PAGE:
Fast Friends book review: heil the heroes of the car industry

Published: 30 April 2020

► From Karl Ludvigsen, historian, journalist, designer, PR... 
► ... and author
► A revealing insight into the history of the car industry

Stick a pin in the map where you think the centre of the motoring universe is located. You might well plump for somewhere in England. Bunch of F1 teams, plus JLR and Aston Martin over that way, Lotus the other way, Bentley up a bit, Rolls down a bit, Mini just over there, not to mention the ghosts of Ford and Vauxhall’s vast UK production operations. And so on. You could certainly argue the case. It would, however, be nonsense.

Because the centre of the automotive universe is Stuttgart. Always was, always will be. However much happens in Detroit or Paris, Gothenburg or Wuhan, Silicon Valley, Tokyo or Modena, the sheer significance of what was invented, developed and built by Daimler and Porsche has shaped everything that’s ever mattered in the history of cars.

The best books for car enthusiasts

This thought comes into sharp focus reading the latest book from the prolific automotive historian Karl Ludvigsen, Fast Friends. I say historian, but that’s just one of the many strings to his bow. Journalist, editor and author he certainly is, but he’s also been a car industry insider. Born in Kalamazoo, Michigan, he studied engineering and industrial design, and worked as a car designer, PR man and corporate affairs executive before turning to the typewriter.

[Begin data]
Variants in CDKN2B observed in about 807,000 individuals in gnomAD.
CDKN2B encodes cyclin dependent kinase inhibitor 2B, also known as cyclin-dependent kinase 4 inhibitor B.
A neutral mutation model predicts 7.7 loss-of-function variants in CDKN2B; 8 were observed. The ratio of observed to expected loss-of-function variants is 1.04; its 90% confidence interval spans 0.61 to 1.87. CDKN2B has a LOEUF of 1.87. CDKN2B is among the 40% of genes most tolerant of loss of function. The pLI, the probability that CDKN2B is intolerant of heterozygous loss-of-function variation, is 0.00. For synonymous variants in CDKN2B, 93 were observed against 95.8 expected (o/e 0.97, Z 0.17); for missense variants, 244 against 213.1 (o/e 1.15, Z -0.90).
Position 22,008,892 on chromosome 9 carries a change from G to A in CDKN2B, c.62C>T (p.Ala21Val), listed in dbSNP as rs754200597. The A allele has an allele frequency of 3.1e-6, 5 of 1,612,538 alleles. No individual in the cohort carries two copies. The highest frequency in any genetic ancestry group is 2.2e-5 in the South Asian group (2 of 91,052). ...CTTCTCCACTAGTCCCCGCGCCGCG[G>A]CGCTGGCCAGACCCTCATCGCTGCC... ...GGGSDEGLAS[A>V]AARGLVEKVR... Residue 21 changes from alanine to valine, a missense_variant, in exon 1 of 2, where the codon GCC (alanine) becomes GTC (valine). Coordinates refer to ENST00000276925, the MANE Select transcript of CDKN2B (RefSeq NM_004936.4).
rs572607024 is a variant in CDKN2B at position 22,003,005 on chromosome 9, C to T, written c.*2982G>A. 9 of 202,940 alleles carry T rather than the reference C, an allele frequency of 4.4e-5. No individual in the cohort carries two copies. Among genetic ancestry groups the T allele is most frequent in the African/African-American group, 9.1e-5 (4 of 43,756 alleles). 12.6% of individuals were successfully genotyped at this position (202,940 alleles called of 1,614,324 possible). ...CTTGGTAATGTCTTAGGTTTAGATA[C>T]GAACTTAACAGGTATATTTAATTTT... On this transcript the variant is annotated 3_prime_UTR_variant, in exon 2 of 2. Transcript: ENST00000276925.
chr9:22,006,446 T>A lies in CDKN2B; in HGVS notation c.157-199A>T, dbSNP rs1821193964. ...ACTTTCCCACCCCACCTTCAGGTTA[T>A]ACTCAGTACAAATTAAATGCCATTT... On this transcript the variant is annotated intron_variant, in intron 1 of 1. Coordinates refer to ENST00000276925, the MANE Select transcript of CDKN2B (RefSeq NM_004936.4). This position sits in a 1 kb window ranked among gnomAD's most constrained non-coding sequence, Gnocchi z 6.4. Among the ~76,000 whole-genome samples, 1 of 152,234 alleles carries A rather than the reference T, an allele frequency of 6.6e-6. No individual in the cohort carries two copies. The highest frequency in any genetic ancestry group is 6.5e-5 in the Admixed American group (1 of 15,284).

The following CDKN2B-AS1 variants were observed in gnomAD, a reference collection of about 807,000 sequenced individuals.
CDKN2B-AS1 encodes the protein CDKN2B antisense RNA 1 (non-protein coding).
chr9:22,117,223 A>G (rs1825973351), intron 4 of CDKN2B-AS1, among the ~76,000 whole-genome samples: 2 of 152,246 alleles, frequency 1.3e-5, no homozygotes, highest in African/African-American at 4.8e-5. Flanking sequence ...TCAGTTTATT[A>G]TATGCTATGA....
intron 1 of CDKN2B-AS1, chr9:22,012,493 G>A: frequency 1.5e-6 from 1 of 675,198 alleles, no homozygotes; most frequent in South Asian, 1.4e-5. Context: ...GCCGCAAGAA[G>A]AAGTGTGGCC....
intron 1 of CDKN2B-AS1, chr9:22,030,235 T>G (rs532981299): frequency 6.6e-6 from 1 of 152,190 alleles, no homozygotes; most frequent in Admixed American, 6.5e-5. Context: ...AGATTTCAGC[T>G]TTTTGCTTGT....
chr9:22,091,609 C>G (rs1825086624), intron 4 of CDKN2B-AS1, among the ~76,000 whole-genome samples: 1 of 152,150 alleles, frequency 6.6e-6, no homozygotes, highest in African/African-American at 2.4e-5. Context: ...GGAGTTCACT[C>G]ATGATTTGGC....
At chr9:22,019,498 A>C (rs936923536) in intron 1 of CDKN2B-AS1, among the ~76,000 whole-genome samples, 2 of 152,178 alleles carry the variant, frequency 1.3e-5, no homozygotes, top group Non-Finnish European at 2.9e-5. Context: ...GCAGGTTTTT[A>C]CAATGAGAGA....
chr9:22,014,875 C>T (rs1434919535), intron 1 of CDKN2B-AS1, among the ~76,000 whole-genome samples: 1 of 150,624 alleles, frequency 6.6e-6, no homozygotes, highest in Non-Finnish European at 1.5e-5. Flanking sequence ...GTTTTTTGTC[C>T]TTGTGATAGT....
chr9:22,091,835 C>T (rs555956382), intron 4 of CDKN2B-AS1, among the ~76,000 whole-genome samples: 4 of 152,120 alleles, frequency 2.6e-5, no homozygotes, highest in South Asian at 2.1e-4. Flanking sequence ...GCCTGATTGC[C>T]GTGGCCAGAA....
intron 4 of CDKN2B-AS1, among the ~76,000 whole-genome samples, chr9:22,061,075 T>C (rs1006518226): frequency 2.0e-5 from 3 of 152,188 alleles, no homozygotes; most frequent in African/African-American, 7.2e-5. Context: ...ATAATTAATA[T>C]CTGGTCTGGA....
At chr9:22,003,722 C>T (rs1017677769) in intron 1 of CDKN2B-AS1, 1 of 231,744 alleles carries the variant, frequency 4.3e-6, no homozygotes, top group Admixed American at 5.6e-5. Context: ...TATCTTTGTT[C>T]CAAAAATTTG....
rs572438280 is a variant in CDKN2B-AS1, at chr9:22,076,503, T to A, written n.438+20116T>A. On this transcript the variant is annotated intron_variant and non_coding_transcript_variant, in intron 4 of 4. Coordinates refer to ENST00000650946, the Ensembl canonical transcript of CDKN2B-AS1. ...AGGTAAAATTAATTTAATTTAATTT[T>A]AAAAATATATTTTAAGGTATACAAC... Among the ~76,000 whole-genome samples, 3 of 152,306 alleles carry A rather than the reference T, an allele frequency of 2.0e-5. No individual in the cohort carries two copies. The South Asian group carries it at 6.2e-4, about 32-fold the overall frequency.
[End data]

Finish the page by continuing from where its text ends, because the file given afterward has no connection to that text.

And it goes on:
This book leans heavily on the people he worked with and met during his years in the industry. An awful lot of the most important ones are German. And many of them are Porsche/Piech family members. Their significance is very convincingly argued. Again and again those names come up, and not just in connection with obvious products like the Porsche 911 and VW Beetle, and various NSUs and Audis, but also very strongly in relation to the resurrection of the German industry as a whole after the war.

There are also many unrelated Germans profiled here. Werner Breitschwerdt, for instance, the forgotten Mercedes boss of the mid ’80s, turns out to be particularly fascinating. Ludvigsen renews his acquaintance with Breitschwerdt at a very opportune time, in 2007, in that sweet spot where the real story can finally be told. The events he’s talking about are far enough in the past for him to feel able to spill the beans, but recent enough to still be fascinating and relevant. So we get some sharp insights into various partnerships that should have happened but didn’t, and others that did happen but shouldn’t have. Such frank talk about the process and personalities involved is all too rare.

It's not just Germans. Bob Lutz is quite a hero, John DeLorean gets a sympathetic hearing, and you doff your cap to Giorgetto Giugiaro: the Golf, Passat and Scirocco designed in three month – THREE MONTHS – and swiftly followed by the Audi 80, Fiat Panda and Uno, Lancia Delta… 

Some of the portraits feel a bit too short; you’re certainly left wanting more of Ludvigsen’s take on the Agnelli dynasty. Others are a revelation: Carlo Abarth, for instance, should be a legend. And I think it’s fair to say that Ludvigsen has more to say that’s original and arresting about engineers, executives and designers than about racing drivers, where he seems a bit star struck. Which is rather charming, but the real value of Fast Friends is in making clear to an Anglophone audience where the industry’s beating heart is truly located, like it or not.

Karl Ludvigsen’s Fast Friends is published by Delius Klasing

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By Colin Overland

CAR's managing editor: wordsmith, critic, purveyor of fine captions

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